On the contrary it extrapolated their problems. For instance what would a microfinance bank be doing at Adeola Odeku or Ikoyi? When the target market is at Okokomaiko, Mile 2, or all other places where you can find an akara, plantain (boli) seller, recharge card seller, okada rider e.t.c instead microfinance banks are competing for corporate accounts they want to have salary accounts for government parastatal, or finance petroleum marketing industries, consequently you will find them in suits, chauffeur driven in state of the art cars.
Against the backdrop of the foregoing problems, this study will examine the micro finance institutions and their impact on small scale businesses in Nigeria.1.3 Objectives of Study
The primary objective of this study shall be to examine the impact of micro finance bank on the Growth and development of Micro Business Enterprises in Nigeria and Lagos in particular. Other salient objectives will include;
i. To determine the relationship between Micro finance banks and Small Business Entrepreneurs in Nigeria.
ii. To examine the challenges of micro financing in Nigeria
iii. To identify the impact of lack of financial support on small scale businesses
iv. To suggest means by which micro finance institutions
can be more responsive to Small business needs in Nigeria
1.4 Research Questions
The following research questions shall guide the study;
i. what is the relationship between micro finance Banks and small business enterprises in Nigeria?
ii. What are the challenges of Micro Finance in Nigeria?
iii. What are the effects of lack of financial support on Small business?
iv. How can micro Finance institutions be responsive to small business enterprises demands?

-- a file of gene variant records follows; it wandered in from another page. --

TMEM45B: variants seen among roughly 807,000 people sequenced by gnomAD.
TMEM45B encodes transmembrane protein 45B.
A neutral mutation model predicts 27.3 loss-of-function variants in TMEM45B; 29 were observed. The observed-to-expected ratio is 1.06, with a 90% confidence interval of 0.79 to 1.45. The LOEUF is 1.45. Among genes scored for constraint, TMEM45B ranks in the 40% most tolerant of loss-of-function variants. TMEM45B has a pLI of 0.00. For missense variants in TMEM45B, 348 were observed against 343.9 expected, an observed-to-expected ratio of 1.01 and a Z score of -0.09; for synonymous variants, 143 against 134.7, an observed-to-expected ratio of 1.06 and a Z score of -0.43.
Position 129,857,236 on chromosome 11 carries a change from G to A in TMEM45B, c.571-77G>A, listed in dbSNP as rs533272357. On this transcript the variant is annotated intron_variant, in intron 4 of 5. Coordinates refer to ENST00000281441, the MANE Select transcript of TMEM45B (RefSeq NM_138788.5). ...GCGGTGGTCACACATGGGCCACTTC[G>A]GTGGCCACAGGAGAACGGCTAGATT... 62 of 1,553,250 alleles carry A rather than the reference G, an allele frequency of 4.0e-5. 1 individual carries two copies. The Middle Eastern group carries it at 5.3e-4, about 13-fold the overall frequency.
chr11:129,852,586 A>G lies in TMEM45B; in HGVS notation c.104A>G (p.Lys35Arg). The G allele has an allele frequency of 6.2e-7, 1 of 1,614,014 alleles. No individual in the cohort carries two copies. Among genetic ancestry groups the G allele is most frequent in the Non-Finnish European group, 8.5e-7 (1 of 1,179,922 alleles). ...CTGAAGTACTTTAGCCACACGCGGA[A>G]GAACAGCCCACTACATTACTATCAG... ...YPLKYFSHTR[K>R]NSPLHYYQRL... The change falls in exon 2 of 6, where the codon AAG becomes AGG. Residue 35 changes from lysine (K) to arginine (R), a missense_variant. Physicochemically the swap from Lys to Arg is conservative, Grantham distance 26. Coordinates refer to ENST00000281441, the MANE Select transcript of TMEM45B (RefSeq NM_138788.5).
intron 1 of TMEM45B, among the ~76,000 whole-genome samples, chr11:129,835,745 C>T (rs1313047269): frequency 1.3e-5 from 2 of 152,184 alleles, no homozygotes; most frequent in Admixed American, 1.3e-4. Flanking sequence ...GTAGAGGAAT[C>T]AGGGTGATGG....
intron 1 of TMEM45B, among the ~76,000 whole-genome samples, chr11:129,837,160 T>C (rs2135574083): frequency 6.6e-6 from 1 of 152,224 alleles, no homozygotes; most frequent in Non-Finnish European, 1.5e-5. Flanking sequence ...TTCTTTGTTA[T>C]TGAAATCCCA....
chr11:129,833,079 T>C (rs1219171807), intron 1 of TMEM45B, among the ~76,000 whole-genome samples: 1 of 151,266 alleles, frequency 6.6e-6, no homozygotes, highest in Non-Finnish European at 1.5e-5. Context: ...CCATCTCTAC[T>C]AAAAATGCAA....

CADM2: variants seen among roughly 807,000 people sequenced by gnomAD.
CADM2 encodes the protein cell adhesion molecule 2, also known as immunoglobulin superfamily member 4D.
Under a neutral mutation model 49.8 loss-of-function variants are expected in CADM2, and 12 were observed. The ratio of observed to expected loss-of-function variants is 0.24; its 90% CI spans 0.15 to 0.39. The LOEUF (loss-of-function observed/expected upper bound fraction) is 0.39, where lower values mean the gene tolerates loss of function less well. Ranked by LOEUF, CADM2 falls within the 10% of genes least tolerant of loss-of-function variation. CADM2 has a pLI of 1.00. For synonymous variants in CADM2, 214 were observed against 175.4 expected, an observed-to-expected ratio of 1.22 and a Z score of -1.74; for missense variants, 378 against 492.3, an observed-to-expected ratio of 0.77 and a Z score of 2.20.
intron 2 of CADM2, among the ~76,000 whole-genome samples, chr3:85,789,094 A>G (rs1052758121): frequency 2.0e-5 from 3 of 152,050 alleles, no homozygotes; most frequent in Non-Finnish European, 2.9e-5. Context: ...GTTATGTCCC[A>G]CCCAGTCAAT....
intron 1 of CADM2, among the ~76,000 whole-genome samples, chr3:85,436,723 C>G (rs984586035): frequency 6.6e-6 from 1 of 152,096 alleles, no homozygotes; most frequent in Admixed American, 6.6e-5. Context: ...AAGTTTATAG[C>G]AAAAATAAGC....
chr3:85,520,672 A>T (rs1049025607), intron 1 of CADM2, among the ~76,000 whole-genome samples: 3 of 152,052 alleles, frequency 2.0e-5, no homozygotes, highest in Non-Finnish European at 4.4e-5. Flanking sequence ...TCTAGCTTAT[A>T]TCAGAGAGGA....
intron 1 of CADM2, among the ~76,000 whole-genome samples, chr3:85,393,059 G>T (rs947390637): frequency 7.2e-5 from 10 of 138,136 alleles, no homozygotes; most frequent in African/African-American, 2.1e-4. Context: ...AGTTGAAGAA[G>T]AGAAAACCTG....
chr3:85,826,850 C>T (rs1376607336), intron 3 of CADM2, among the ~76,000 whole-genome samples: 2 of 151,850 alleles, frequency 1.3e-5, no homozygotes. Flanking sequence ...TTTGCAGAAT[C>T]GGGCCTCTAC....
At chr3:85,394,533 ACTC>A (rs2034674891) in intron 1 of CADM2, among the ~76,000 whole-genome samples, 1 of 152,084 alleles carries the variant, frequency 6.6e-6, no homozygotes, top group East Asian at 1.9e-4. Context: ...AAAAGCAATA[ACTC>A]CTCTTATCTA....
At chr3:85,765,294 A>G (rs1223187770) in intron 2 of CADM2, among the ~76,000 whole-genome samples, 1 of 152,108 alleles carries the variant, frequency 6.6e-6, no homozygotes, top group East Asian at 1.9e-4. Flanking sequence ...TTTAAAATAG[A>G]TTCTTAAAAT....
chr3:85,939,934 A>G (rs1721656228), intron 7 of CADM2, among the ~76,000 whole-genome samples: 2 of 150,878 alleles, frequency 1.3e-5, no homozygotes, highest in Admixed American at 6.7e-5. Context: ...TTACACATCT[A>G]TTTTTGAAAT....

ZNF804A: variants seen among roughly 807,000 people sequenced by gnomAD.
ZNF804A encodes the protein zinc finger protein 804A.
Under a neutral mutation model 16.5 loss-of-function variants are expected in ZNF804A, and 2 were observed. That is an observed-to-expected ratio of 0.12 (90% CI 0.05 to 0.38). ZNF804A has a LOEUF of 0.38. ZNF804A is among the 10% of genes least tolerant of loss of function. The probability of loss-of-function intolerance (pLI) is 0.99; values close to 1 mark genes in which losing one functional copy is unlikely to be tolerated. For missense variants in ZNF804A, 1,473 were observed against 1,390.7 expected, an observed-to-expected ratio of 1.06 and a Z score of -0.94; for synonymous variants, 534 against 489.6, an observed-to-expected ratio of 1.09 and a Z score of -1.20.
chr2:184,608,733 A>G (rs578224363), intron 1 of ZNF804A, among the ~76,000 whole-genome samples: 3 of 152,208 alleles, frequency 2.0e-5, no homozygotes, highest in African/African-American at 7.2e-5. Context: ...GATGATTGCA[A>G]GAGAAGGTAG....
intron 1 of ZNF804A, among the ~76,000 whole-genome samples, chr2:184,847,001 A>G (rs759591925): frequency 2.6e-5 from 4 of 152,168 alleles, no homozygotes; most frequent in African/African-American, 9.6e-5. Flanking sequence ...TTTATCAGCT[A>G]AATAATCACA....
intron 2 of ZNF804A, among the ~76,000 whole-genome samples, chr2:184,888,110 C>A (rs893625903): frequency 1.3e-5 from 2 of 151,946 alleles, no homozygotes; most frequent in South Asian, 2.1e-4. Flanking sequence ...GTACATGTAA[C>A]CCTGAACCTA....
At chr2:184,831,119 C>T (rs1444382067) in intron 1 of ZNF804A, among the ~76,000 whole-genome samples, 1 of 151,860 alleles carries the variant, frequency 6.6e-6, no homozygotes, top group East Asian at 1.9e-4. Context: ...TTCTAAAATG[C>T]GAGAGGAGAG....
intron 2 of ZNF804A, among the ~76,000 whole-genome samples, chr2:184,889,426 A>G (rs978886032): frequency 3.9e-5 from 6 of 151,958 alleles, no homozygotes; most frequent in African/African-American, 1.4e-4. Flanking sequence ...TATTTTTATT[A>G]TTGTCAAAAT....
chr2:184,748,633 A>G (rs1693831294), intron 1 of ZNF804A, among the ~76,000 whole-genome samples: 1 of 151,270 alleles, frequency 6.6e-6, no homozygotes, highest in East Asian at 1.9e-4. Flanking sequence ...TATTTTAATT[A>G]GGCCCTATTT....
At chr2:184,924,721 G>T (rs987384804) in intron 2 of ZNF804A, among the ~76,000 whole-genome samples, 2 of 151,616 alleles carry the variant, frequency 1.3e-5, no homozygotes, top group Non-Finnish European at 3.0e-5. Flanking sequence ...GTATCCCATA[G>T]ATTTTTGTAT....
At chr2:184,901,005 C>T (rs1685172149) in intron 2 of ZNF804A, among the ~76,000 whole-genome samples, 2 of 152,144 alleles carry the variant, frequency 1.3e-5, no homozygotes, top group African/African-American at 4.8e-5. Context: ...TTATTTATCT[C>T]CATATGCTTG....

1.5 Research hypotheses
The following hypotheses will be tested in the study;
Ho: There is no relationship between Micro finance Banks
and Small Business Enterprises in Nigeria
Hi: There is a relationship between Micro finance Banks and
Small Business Enterprises in Nigeria
Ho: Micro finance banks do not encourage small business
owners in Lagos
Hi; Micro finance banks do not encourage small business
owners in Lagos
1.6 Significance of the Study
Robust economic growth cannot be achieved without putting in place well focused programmes to reduce poverty through empowering the people by increasing their access to factors of production, especially credit. The latent capacity of the poor entrepreneurs would be significantly enhanced through the provision of microfinance services to enable them engage in economic activities and be more self-reliant; increase employment opportunities, enhance household income, and create wealth.
However, the lack of required financial support from the microfinance banks to Micro Business operators in Lagos state has become a major concern in Nigeria. Hence, this study shall be relevant to policy makers in the areas of finding out the impact of micro financing on the small scale investors. Also, this study shall enhance further research in the subject area.
1.7 Scope and Limitations of the Study